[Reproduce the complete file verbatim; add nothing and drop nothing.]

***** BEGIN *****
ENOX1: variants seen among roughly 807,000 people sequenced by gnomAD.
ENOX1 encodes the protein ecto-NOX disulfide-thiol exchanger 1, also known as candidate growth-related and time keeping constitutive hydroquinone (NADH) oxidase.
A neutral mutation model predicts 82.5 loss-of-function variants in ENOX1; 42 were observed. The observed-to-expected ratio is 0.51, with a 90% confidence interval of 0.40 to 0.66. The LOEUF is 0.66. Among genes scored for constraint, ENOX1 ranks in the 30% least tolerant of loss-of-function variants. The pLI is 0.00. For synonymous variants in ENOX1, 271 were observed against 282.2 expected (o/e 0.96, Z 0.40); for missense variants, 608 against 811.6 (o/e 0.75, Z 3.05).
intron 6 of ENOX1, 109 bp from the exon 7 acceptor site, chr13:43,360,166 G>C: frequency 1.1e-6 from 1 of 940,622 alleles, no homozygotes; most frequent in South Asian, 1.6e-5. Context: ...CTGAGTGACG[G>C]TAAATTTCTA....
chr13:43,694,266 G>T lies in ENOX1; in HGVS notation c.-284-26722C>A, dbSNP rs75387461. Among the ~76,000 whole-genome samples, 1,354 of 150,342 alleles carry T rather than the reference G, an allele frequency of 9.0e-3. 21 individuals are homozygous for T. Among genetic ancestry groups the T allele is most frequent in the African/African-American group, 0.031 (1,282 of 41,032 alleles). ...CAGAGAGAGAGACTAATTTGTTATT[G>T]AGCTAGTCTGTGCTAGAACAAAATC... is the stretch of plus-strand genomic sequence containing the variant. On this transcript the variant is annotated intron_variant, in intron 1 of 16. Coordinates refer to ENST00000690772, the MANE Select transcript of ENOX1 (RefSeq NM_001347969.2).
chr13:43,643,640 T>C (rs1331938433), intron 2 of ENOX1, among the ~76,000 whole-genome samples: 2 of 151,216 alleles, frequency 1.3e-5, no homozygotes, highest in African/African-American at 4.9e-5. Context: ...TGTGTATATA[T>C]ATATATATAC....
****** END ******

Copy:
ENOX1: variants seen among roughly 807,000 people sequenced by gnomAD.
ENOX1 encodes the protein ecto-NOX disulfide-thiol exchanger 1, also known as candidate growth-related and time keeping constitutive hydroquinone (NADH) oxidase.
A neutral mutation model predicts 82.5 loss-of-function variants in ENOX1; 42 were observed. The observed-to-expected ratio is 0.51, with a 90% confidence interval of 0.40 to 0.66. The LOEUF is 0.66. Among genes scored for constraint, ENOX1 ranks in the 30% least tolerant of loss-of-function variants. The pLI is 0.00. For synonymous variants in ENOX1, 271 were observed against 282.2 expected (o/e 0.96, Z 0.40); for missense variants, 608 against 811.6 (o/e 0.75, Z 3.05).
intron 6 of ENOX1, 109 bp from the exon 7 acceptor site, chr13:43,360,166 G>C: frequency 1.1e-6 from 1 of 940,622 alleles, no homozygotes; most frequent in South Asian, 1.6e-5. Context: ...CTGAGTGACG[G>C]TAAATTTCTA....
chr13:43,694,266 G>T lies in ENOX1; in HGVS notation c.-284-26722C>A, dbSNP rs75387461. Among the ~76,000 whole-genome samples, 1,354 of 150,342 alleles carry T rather than the reference G, an allele frequency of 9.0e-3. 21 individuals are homozygous for T. Among genetic ancestry groups the T allele is most frequent in the African/African-American group, 0.031 (1,282 of 41,032 alleles). ...CAGAGAGAGAGACTAATTTGTTATT[G>T]AGCTAGTCTGTGCTAGAACAAAATC... is the stretch of plus-strand genomic sequence containing the variant. On this transcript the variant is annotated intron_variant, in intron 1 of 16. Coordinates refer to ENST00000690772, the MANE Select transcript of ENOX1 (RefSeq NM_001347969.2).
chr13:43,643,640 T>C (rs1331938433), intron 2 of ENOX1, among the ~76,000 whole-genome samples: 2 of 151,216 alleles, frequency 1.3e-5, no homozygotes, highest in African/African-American at 4.9e-5. Context: ...TGTGTATATA[T>C]ATATATATAC....